Editor’s note: This piece comes to us from NWAF! member Robin Stanley.
Joseph Goebbels (http://www.HolocaustResearchProject.org) wrote, “If you tell a lie big enough and keep repeating it, people will eventually come to believe it.” I am afraid this is what is happening in our national forest management debate. I cannot understand for the life of me how people can say weather and not fuel is underpinning our catastrophic fire issue. Our science books, for the past 50 years, have said fire requires heat, oxygen and fuel. Yet some people profess that fuel is not the issue. Instead it is the weather. This argument is ridiculous for the following reasons.
First, I can have fire under any conditions. I can have fire on a blow torch under water. I can think of no condition where I cannot have fire. I can have a bon fire in a pouring down rainstorm if I can get the wood hot enough to burn. While I do not profess to be a scientist, what science I do know tells me that while weather plays a huge factor, the only thing weather really does is to modify the fuel so it either can or cannot reach a combustible temperature. But the wood is still the fuel. Without the fuel, we would have no fire and weather becomes irrelevant. If there is enough fuel and enough heat, there is fire and again, weather becomes irrelevant. For anyone to suggest that weather is the problem and not the fuel boggles my mind.
Secondly, even if one were to mistakenly believe that weather is the culprit, what can we do about it? I guess we can wait for global climate change to reverse cycles and begin a cooler, wetter trend. That may take a century or more so in the mean time we just watch our forests and rural communities burn. OR maybe we try to do something about the fuel. If we cannot control the weather, why NOT try to do something about the fuel. I will bet you my new Acadia, that if we removed all the fuel source from our national forests, we would no longer have catastrophic fires.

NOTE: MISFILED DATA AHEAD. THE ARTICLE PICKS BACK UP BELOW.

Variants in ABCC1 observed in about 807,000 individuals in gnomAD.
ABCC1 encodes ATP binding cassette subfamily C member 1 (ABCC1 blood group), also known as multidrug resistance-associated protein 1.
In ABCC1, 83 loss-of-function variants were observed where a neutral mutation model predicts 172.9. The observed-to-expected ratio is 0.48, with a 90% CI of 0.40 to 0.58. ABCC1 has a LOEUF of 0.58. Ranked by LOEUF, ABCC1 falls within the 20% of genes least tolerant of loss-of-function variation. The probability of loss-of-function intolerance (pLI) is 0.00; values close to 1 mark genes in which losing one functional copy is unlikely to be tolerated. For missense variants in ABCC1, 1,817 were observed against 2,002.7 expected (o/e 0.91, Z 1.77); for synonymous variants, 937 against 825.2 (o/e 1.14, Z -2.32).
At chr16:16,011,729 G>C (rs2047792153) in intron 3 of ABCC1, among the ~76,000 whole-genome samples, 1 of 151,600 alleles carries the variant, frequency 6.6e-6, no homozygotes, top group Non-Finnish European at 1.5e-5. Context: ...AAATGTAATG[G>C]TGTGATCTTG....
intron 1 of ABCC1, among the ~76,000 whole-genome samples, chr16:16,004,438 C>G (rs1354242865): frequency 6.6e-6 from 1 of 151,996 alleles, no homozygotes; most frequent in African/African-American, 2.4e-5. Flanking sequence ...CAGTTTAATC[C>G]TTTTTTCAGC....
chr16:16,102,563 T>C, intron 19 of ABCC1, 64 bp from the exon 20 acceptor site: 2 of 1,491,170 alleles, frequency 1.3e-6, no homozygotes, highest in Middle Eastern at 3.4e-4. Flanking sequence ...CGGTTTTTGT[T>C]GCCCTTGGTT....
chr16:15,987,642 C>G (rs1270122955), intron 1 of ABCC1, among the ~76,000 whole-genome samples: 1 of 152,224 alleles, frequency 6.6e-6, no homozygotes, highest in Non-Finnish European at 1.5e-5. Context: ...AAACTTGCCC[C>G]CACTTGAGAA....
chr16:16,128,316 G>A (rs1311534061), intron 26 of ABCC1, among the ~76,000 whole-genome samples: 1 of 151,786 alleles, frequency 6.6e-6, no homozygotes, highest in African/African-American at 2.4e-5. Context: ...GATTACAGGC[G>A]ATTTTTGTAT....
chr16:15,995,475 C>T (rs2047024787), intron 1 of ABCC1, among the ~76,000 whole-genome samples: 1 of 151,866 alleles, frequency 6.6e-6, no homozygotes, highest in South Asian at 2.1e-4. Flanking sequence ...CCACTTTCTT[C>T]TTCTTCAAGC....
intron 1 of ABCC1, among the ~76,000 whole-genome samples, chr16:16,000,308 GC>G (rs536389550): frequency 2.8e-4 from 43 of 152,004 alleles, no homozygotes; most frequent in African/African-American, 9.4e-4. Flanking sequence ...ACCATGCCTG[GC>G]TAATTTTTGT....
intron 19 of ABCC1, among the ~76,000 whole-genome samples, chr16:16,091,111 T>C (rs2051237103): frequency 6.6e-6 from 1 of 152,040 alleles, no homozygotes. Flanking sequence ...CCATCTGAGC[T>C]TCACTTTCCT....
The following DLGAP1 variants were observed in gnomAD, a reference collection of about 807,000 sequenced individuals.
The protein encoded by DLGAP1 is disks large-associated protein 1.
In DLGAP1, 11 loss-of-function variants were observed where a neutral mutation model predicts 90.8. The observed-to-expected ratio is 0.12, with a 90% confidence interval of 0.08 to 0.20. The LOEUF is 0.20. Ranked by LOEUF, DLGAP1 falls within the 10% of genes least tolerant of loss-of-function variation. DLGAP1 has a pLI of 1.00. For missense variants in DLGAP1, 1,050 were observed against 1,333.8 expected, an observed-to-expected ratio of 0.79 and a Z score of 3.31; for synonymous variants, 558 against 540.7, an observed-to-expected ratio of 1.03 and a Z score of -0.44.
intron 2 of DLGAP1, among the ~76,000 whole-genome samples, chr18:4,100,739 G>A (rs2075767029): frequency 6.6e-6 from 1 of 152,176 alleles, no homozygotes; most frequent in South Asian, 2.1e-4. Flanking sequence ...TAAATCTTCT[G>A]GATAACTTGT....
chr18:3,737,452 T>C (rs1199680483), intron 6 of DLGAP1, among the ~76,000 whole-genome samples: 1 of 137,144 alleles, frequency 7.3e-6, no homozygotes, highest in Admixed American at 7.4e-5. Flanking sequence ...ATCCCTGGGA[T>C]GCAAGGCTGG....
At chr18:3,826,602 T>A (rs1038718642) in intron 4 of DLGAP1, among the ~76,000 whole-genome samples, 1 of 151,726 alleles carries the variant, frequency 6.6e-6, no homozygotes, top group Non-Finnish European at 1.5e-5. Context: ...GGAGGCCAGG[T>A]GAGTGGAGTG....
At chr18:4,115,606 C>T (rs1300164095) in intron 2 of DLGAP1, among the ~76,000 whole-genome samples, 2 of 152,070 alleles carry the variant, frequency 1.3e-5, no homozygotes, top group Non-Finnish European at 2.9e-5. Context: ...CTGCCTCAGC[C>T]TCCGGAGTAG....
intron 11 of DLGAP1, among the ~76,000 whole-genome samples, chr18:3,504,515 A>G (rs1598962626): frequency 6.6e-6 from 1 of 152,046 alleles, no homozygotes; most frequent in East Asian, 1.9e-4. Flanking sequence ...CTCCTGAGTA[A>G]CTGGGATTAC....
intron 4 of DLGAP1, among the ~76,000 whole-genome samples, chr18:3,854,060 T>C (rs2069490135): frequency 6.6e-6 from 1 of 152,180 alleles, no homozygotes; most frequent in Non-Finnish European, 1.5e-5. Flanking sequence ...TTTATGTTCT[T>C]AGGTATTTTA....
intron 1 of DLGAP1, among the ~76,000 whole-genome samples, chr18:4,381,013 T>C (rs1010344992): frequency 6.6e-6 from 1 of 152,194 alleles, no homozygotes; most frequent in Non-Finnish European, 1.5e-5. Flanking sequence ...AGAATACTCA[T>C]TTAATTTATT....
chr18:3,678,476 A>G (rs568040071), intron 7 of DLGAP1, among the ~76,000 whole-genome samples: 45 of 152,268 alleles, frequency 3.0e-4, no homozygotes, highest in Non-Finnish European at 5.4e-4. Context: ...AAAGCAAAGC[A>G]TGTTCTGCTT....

While I know that is a ridiculous statement in that we can never, nor should we ever attempt to remove ALL the fuel sources, we can lesson our exposure to catastrophic fire by decreasing the amount of fuel. It is as simple as taking your foot off a gas pedal in a car. Less gas, you slow down, less fuel in the woods, the fire slows down. Don’t take no rocket scientist to figure that one out.
So in closing my challenge to the “it’s the weather” preachers is show me what you propose doing to address the catastrophic wild fire problems. Instead of just blaming the weather in order to prevent the removal of the fuel source, show us what you suggest we do to protect our forests from catastrophic fire, from water sheds being destroyed, from wild life habitat being charred and the loss of human life and property. Instead of just blaming it on the weather (that by the way cannot even defend itself) offer an alternative to the current failed forest management practices. I am very anxious to hear what your real alternatives are.